APR 21, 2020
This large, multicenter, retrospective cohort study compared scleral buckle and pars plana vitrectomy for moderately complex phakic primary rhegmatogenous retinal detachment (RRDs).
Patients underwent pars plana vitrectomy (n=249 cases), scleral buckle (n=169 cases) or scleral buckle with vitrectomy (PPV/SB; n=297 cases) and were followed for 90 days or more. Procedures were performed by 61 surgeons at 5 large retinal groups in 2015. The main outcome measure was single-surgery anatomic success, defined as retinal attachment with no other RRD surgery within 90 days.
Single-surgery anatomic success occurred in 83% of vitrectomy cases, 92% of scleral buckle cases and 91% of cases receiving both treatments. Both scleral buckle and the combination treatment were superior to vitrectomy in achieving single-surgery anatomic success (P=0.004). After controlling for preoperative macular status, individuals who underwent scleral buckle exhibited significantly better visual outcomes than those in the other 2 groups (P=0.009).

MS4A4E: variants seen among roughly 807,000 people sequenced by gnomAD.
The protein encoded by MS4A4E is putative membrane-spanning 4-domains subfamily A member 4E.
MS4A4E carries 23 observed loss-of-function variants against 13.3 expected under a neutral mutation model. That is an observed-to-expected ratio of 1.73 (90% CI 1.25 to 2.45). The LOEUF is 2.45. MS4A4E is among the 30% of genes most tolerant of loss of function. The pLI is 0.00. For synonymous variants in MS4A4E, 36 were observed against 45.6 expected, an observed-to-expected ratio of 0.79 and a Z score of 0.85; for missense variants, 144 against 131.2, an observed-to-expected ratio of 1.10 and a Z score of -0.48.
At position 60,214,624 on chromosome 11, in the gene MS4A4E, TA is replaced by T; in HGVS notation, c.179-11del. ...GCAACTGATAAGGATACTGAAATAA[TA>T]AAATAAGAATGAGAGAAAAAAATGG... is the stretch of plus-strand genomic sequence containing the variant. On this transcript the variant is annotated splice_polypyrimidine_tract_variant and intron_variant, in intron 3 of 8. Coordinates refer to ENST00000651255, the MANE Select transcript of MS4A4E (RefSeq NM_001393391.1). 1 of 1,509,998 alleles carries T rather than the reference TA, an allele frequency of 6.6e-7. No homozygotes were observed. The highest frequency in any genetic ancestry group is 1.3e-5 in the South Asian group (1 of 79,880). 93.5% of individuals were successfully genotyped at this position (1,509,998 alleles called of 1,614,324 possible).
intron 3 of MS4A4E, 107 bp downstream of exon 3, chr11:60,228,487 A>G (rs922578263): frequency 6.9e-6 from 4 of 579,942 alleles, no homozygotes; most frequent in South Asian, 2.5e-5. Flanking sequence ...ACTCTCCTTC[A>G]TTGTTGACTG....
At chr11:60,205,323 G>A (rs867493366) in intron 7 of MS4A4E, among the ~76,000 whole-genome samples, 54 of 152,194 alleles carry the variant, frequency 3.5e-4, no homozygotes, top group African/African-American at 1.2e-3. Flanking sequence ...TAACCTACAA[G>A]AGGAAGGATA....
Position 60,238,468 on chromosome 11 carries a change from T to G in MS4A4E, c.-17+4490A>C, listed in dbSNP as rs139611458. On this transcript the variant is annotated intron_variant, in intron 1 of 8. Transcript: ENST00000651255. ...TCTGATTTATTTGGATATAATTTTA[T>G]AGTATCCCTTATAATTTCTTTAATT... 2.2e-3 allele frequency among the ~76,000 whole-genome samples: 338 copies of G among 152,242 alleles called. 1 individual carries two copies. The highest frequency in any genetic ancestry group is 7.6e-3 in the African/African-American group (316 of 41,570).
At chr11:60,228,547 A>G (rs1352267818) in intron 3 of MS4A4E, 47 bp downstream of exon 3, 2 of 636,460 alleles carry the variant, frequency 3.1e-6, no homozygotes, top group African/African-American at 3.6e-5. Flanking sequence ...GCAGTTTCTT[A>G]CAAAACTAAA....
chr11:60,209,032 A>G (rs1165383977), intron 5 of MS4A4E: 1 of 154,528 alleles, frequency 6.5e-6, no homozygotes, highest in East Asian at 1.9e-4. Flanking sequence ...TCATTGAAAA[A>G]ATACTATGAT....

The limitations of this study are those usual for a retrospective study, such as treatment bias based on surgeon preferences and data variation between different surgeons and institutions. Not all baseline characteristics were balanced across the 3 treatment groups and vision measurement was not standardized.
These findings suggests that scleral buckling may have advantages over primary vitrectomy for phakic, moderately complex detachments. Although all 3 surgical modalities in the study had good clinical outcomes, vitrectomy was inferior to scleral buckling in both anatomic and visual outcomes and inferior to combined treatment in anatomic outcomes. It is therefore important that surgeons continue to be educated on how to perform scleral buckling.